It is these five aspects of prayer which constitute the form of religious worship. Every religion, at whatever time and in whatever country, has given prayer as its method. But man has always shown his childish nature. He has always fought with his neighbour because he does not pray in the same way. Man has taken the outer form of prayer. He has used the outer form to satisfy his vanity and the consequence has been that, revolted by this state of things, he has given up prayer. For instance Protestantism is among other things a sort of protest against the Catholic form of prayer. Many people, between the two, have given up prayer; and giving it up is not satisfactory, for nothing can take its place.

The chaotic conditions at the present time are caused by the lack of religion. Man's soul needs religion but the mind fights against it. We find that most wars in history have been caused by disputes about religion. In the East, no one dares to say that he does not believe in God, whereas in the West, there are people who are proud of not believing in God. They say that a force, or forces are the origin of life. It is the greatest tragedy if man deprives himself of God, because there cannot be any other means of rising to a higher consciousness.

But an inquiring mind will ask, 'If God is within man, then all our troubles and difficulties, our feelings and our attitudes towards Him and also our faults, are known to Him. So what need is there to express them in prayer?' It is like saying, 'Because I love a certain person, why should I show it?' Expression is the nature of life. When every part of man's mind and body expresses his feeling, his thought, his aspiration, then it produces its full effect. And there is no doubt that the fact of meeting together for prayer makes the effect still greater. The blessing that one can receive through prayer is multiplied a thousand fold when received by a few united in the same thought and praying together. […]

[…] Prayer has been taught by all religions in different forms: by bowing, by prostrations, by recitation or chant. As soon as man begins to feel the immanence of God in nature, he begins to prostrate himself before that Being, calling his limited self helpless before Him, bowing before Him, worshipping Him.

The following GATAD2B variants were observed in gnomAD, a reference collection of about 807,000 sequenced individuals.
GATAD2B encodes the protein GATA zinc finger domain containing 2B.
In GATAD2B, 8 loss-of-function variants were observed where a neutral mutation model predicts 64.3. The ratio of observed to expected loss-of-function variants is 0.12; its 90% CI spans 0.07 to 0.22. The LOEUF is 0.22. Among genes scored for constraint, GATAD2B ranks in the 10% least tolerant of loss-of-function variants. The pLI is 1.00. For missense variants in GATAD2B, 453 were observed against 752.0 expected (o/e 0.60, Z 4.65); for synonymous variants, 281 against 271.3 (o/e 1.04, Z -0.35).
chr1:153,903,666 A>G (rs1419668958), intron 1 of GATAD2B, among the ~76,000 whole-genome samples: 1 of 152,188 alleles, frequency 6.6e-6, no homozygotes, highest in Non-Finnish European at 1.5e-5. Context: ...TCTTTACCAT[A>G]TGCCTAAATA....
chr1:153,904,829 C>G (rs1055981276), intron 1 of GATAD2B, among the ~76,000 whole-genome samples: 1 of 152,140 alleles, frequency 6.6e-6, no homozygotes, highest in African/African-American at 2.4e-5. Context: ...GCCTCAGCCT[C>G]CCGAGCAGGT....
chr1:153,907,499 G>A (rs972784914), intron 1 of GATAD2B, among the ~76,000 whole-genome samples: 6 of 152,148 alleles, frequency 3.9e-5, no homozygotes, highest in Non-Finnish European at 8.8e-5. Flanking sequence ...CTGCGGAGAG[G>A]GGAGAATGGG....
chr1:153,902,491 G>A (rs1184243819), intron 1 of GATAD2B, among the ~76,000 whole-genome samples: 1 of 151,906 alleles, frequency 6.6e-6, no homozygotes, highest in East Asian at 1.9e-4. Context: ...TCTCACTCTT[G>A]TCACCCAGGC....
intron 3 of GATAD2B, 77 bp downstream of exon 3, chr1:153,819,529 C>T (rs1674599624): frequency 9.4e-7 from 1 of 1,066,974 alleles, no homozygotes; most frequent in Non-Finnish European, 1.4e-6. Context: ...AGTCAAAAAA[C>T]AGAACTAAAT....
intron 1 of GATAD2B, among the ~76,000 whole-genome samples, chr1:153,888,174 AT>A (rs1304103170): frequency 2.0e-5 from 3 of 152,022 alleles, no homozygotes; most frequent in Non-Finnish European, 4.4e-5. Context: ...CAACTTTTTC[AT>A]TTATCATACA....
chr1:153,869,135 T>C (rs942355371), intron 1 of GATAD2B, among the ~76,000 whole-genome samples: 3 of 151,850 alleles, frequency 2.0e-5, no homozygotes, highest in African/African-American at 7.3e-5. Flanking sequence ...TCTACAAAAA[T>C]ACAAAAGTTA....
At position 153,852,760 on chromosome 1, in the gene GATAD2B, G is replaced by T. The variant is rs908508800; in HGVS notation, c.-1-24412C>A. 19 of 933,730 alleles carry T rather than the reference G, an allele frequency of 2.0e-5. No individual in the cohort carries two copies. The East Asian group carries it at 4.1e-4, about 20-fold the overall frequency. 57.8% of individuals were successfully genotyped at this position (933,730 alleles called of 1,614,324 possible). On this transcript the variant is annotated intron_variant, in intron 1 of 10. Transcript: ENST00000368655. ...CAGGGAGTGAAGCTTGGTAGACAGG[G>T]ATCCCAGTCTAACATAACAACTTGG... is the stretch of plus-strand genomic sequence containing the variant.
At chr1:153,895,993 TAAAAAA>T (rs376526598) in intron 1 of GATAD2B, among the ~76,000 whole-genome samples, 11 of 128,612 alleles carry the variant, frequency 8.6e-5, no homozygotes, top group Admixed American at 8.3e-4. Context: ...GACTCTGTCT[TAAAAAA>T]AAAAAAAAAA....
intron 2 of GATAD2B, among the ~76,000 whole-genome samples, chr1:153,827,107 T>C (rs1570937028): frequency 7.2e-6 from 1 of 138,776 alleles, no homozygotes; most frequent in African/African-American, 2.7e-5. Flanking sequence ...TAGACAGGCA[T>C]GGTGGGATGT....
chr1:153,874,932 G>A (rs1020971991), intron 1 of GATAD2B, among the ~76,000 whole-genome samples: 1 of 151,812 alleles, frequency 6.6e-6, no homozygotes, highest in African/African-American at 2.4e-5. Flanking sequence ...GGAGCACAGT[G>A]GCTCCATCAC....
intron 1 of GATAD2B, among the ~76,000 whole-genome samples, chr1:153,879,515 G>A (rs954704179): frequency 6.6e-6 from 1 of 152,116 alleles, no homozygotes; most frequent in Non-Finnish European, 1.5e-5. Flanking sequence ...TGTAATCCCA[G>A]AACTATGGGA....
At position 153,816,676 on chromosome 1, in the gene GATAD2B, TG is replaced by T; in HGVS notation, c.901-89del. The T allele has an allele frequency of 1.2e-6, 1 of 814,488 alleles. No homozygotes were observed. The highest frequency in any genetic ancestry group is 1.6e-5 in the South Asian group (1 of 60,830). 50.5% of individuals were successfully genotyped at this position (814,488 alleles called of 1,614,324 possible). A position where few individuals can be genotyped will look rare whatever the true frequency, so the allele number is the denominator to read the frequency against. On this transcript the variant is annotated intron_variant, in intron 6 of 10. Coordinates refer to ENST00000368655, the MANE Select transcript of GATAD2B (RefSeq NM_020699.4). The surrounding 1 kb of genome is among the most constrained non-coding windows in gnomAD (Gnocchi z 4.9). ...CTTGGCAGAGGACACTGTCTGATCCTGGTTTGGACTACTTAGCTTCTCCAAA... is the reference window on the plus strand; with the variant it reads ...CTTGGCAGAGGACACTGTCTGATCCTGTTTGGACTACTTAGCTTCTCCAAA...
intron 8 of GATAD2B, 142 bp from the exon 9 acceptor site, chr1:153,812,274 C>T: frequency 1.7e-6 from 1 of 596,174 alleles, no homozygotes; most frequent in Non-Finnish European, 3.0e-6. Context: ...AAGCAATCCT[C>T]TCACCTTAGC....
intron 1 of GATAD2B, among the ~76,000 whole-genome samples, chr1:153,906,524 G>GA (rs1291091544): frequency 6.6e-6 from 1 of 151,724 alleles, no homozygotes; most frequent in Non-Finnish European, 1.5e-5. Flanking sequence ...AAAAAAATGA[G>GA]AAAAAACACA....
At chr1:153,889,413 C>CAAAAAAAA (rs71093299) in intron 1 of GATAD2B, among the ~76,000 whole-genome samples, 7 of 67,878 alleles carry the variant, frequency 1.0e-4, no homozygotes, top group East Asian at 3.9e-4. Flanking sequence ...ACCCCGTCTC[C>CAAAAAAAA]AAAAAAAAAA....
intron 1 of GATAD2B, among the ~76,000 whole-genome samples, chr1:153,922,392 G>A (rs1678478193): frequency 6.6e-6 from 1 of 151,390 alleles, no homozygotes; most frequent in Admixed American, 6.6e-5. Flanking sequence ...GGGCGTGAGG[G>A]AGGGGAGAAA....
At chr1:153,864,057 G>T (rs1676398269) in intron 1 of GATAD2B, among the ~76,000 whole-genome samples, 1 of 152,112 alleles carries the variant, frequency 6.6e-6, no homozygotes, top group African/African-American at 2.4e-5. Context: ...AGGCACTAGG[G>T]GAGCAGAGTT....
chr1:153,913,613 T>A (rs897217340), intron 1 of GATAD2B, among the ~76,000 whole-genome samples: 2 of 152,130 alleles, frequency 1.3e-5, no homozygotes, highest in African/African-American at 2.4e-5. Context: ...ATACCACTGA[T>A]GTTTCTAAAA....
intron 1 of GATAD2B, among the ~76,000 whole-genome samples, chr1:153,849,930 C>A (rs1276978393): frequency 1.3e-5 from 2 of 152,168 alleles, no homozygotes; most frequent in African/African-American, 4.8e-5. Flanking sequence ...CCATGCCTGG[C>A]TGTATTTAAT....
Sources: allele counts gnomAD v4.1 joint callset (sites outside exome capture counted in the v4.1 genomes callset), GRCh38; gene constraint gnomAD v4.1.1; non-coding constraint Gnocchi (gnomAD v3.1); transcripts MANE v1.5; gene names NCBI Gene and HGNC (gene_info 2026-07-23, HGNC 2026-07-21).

Although in the Christian religion man kneels before God and in Czarist Russia one could still see both rich and poor prostrating themselves even before the Czar, today men's pride has grown so much that many think, 'Why should I pray, why should I prostrate myself before anybody?'

Worship is a resignation, an acknowledgement, a recognition. Worship has many meanings. By worshipping we acquaint ourselves with a certain power. Acquaintance is understanding; and understanding is a great thing. We often suffer because we do not understand. Many conditions and many people are difficult to tolerate because we do not understand them, but once we understand we can tolerate almost anything.

When Brahmins worship by putting rice at the feet of the deity, this means that they would like to spread in the world all the love and light that they receive from the deity as the seed is sown on the farm.

One might ask what effect prayers can have upon the soul, which is pure and aloof from everything. The soul, when it sees the external self bowing before God, rejoices and is glad. Prayer gives nobility to whoever prays, be he rich or poor. The attitude of a prayerful person towards God is that of a lover towards his beloved, of a child towards its parents, of a servant towards his master, of a pupil towards his teacher, of a soldier towards his commander.

If one asks why God should create beings in order that they should sing His own praise, the answer is that God does not wish to receive praise. The praise of God is a prescription for man, in order that by this prescription man can come to that understanding which brings him nearer to God. In other words, by praising God man completes the action in which lies the fulfillment of the soul's purpose in coming on earth.

The meaning of the word Nirvah is the repetition of thankfulness and bringing one's own vision to one's soul; and the voice echoes again before God who is within ourselves. That is why the singing of a prayer is more powerful than only reciting the prayer in thought. It is the same difference as there is between thinking a song and singing it. By singing a song one obtains a satisfaction which one does not get by only thinking of it.

[…]